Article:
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Senza giudice: are computers fit to decide?


Marcello Gaboardi is Associate Professor of Law at Bocconi University of Milan. He teaches civil procedure law, insolvency law, and arbitration. He was also admitted to the Italian Bar in 2009.

Judicial Algorithms

During the French Revolution, the reaction to Absolutism led Baron de Montesquieu to hope for judges who would simply become “the mouthpieces of the law”. The myth of the judge who mechanically applies the law without employing any discretionary power of interpretation still endures. Over two centuries later, the new automaton seems to be the “judicial algorithm”. An algorithm can simply be described as a set of mathematical instructions that, especially if given to a computer, will help us to solve a problem. The promise of a judicial algorithm, therefore, is that in the near future a case will be decided by an automatic process. 

The idea of a judge who simply applies the law immediately seduced French Revolutionaries and their followers. Likewise, the idea of an entirely digitized decision-making process seduces modern lawyers and scholars. It promises to reduce the risk of human errors and prevent legal uncertainty. But history teaches that the French Revolutionaries failed in that regard. Their mistake was to believe that improvement of human judgment depended on its automation.

The human factor

On the contrary, automated judgment simply becomes inhuman. It can save time, money, and even avoid errors but it lacks ability to adapt to social changes. For example, where would racial equality be today without the U.S. Supreme Court’s unanimous opinion in Brown v. Board of Education? The decision that U.S. state laws establishing racial segregation in public schools were unconstitutional implied not only legal but also social, ethical, and political considerations. Is an algorithm capable of considering these factors? Can it make, for example, innovative decisions by overruling existing precedents on the basis of new factors emerging in the society?

Artificial intelligence raises serious challenges in several areas of social and individual life. Access to justice is one of them. Several countries have long since digitized civil proceedings. Under Italian law, for example, any civil lawsuit can be brought before a first instance court or an appellate court electronically. Summons and pleadings are generally digital. During the pandemic, the use of modern communication technologies, such as videoconferencing, has significantly increased. Notwithstanding these changes, until recently no one dared to seriously think that a case could be decided totally or partially by artificial intelligence. Increasing computing power and complex algorithms make it possible to imagine a decision-making process guided or, at least, supported by artificial intelligence. The human responsibility for decisions remains crucial while judicial activities such as analyzing electronic documents or calculating economic losses and damages can be performed by an algorithm.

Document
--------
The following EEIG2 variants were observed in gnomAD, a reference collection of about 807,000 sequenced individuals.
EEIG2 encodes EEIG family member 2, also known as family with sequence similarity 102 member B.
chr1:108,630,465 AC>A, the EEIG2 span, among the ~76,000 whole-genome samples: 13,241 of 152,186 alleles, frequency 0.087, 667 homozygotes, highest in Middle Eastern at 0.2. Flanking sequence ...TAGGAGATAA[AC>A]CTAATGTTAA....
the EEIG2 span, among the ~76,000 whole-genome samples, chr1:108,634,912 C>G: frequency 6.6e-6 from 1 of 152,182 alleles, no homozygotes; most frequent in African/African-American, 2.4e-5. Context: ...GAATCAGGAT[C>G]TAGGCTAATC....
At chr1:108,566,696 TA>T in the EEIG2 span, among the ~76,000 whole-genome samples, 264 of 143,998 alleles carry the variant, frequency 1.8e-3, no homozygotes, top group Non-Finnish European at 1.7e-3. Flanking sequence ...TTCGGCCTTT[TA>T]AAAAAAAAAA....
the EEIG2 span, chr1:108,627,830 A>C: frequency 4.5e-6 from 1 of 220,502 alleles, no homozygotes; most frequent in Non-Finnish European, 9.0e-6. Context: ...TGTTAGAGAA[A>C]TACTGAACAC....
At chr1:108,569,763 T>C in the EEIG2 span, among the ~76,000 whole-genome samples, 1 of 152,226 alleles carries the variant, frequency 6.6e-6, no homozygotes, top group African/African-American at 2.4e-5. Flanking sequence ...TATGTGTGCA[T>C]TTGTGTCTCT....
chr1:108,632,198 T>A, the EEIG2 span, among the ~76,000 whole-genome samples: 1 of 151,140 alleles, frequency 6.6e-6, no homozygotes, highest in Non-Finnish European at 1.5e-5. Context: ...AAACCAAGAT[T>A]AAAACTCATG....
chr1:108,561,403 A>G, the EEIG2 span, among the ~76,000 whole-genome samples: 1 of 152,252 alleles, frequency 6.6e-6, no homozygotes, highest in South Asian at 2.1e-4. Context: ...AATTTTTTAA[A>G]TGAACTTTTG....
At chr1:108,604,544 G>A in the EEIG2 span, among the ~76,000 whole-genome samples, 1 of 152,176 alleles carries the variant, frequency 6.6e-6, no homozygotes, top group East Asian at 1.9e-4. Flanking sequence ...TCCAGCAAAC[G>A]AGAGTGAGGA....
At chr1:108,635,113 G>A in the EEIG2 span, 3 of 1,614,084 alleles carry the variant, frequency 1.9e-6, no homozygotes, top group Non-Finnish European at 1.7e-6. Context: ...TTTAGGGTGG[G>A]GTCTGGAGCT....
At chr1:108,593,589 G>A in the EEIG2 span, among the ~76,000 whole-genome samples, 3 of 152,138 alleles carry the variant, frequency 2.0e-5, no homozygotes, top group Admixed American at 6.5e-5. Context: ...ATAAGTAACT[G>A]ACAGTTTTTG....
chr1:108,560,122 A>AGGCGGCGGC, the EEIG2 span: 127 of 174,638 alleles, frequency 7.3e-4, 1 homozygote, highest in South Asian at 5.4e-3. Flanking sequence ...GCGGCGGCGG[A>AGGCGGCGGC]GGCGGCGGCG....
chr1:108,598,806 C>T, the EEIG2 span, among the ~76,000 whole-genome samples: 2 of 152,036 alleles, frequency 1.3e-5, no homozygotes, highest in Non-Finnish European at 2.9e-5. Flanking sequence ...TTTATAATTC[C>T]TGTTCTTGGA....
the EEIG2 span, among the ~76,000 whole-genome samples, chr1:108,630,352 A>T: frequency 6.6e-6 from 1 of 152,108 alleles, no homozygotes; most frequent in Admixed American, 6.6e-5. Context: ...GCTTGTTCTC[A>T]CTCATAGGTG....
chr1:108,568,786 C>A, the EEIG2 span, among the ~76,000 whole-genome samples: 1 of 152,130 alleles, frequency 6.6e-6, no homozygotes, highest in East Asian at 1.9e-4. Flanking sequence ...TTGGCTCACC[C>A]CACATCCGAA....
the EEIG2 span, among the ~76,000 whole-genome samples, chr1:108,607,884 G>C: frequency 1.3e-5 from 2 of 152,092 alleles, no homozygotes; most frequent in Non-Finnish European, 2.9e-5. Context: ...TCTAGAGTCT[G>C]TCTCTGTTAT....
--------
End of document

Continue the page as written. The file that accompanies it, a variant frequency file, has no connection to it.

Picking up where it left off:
Trials in Italy

Some Italian civil courts (such as the first instance tribunals of Turin and Genoa) have recently explored how algorithms can gather complex information and support the decision-making process. Court personnel worked with computer experts to develop algorithms which can predict litigation outcomes and potential remedies. The experts focused their attention on certain types of standardized procedures such as family disputes and damages lawsuits. These cases present several features that remain constant from case to case.

Consider, for example, the reasons why people apply for a divorce. First, the experts developed a comprehensive classification of relevant claims such as divorce petitions, petitions for child custody and support, applications for legal separation or annulment of the marriage, and so forth. Then, they established the more frequent variables for each type of claim such as the number and age of any children or the spouses’ financial situation. Finally, they collected relevant precedents on more frequently debated matters. By following the reasoning behind previous decisions, the algorithm is able to provide guidance in future when cases to be decided fit the models created by experts.

Although the algorithm is still being written, this early experience demonstrates the constraints of digitizing the decision-making process. The algorithm seems to be unable to bear the burden of deciding on its own. Rather, it is used to supply the judge with a proposal for a decision that human judges are asked to take on their own. While the decision-making process is supported by the algorithm, a form of human scrutiny remains necessary. The decision proposed by the algorithm should be scrutinized by the same court that benefits from the algorithm, or by the appellate court reviewing the decision made by the inferior court with the support of the algorithm. This human scrutiny ensures that the decision takes into account an array of non-standardizable factors such as the specific circumstances of the case or the need to overrule a precedent.
A digitized decision-making process is likely to become a potentially valuable support for an inevitably human judge. Civil cases will be decided with the support of a judicial algorithm. The algorithm increases the efficiency of the decision-making process by reducing the costs and time involved in human decisions. Nevertheless, justice will need to maintain a human form.

Marcello Gaboardi


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